Urgency of reassessment of role of obesity indices for metabolic risks

Shiun Dong Hsieh, Margaret Ashwell, Takashi Muto, Hiroshi Tsuji, Yasuji Arase, Toshio Murase
Metabolism: Clinical and Experimental 2010, 59 (6): 834-40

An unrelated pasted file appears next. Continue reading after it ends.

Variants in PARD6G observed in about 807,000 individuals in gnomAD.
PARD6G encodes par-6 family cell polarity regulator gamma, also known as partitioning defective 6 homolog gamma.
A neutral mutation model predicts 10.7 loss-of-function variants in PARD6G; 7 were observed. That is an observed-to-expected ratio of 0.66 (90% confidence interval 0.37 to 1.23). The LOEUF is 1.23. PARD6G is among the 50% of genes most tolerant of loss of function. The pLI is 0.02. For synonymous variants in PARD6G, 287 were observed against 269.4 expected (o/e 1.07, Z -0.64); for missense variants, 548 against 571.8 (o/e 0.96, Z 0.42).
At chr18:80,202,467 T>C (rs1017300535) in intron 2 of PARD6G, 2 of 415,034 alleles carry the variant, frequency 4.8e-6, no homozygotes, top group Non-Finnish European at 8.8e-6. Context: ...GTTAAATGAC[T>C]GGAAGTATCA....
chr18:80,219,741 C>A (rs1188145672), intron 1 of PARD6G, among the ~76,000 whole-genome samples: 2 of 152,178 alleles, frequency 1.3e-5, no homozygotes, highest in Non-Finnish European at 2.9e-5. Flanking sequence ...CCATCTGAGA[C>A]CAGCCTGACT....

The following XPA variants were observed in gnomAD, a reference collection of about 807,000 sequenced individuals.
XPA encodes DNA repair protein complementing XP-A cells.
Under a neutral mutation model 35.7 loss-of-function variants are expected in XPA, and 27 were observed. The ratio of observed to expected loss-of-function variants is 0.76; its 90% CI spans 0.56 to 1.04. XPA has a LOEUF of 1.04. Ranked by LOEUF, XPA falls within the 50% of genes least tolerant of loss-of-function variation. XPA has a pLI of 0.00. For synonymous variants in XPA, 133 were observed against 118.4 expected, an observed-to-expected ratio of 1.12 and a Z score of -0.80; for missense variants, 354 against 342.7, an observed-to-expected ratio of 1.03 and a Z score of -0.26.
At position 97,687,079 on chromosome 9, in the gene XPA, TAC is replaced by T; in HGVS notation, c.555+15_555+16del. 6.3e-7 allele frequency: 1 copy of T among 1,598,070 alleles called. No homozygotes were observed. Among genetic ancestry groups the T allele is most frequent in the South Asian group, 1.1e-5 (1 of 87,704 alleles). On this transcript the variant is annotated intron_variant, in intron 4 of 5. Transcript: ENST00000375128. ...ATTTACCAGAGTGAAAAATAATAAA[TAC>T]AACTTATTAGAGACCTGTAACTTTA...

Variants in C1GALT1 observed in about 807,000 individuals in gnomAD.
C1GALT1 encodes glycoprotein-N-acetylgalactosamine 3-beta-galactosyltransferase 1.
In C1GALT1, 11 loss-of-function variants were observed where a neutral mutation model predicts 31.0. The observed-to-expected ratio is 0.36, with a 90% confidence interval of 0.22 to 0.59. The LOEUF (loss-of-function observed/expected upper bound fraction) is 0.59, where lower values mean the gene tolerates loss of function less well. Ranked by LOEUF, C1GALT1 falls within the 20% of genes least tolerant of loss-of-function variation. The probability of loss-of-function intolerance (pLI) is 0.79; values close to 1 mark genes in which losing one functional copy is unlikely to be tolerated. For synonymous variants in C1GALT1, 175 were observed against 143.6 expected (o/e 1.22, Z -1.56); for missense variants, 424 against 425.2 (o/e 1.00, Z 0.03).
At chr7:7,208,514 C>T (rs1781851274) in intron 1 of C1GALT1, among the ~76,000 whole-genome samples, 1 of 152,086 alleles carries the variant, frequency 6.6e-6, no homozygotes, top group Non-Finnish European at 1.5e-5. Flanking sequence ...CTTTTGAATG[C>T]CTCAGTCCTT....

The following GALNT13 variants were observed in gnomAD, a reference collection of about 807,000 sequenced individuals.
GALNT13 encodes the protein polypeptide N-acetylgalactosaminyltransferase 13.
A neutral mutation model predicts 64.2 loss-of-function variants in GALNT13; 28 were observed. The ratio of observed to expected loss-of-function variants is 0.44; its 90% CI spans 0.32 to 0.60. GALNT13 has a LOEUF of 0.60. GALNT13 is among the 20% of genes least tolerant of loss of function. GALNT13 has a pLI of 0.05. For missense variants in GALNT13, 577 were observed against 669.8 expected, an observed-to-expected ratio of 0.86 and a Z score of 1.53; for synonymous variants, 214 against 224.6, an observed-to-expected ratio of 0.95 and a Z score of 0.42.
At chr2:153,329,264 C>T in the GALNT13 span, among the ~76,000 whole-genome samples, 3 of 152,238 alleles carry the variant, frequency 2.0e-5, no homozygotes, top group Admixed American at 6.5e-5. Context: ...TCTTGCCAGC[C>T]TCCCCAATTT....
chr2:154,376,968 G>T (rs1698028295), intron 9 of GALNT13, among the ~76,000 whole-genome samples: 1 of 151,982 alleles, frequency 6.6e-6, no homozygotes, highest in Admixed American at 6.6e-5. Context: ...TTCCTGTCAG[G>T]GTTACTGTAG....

The definition of metabolic syndrome places emphasis on health care for persons at risk. However, whether an obesity index should be a mandatory component of the definition and whether obesity indices can identify metabolic risks satisfactorily require further exploration. Therefore, we investigated the effectiveness of various anthropometric obesity indices in identifying the clustering of 2 or more American Heart Association (AHA)/National Heart, Lung, and Blood Institute (NHLBI)/International Diabetes Federation (IDF)-defined metabolic risk factors (hypertension, hyperglycemia, hypertriglyceridemia, and low high-density lipoprotein cholesterol) for metabolic syndrome and those of other metabolic risk factors (high low-density lipoprotein cholesterol, hyperuricemia, high gamma-glutamyltransferase, fatty liver) in 6141 men and 2137 women. The anthropometric indices were the following: (1) for both sexes--various levels of waist-to-height ratio (WHtR) including 0.5 and body mass index (BMI) of 23 and 25 kg/m(2); (2) for men and women individually--waist circumference (W) 90/80 cm (AHA/NHLBI/IDF for ethnic groups), W 85/90 cm (Japan Society for the Study of Obesity), and combined W and BMI: W 85/90 cm and/or BMI 25 kg/m(2) (Japanese government). The results showed the following: (1) The optimal value for WHtR was 0.5 for AHA/NHLBI/IDF-defined risk factors and approximately 0.5 for other risk factors in both sexes. (2) The sensitivities of various proposed obesity indices for identifying clustering of defined and other risk factors varied between 74.4% (WHtR 0.5) and 36.3% (BMI 25) and between 80.5% (WHtR 0.5) and 43.7% (BMI 25) in men, and varied between 65.6% (WHtR 0.5) and 16.8% (W 90 cm) and between 82.3% (WHtR 0.5) and 28.2% (W 90 cm) in women. Because the sensitivities of many anthropometric indices were very low, a reassessment of the effectiveness of obesity indices in evaluating metabolic risks and especially their suitability as a single mandatory component of metabolic syndrome is urgently needed. However, WHtR 0.5 provides a very useful algorithm for screening persons at risk.

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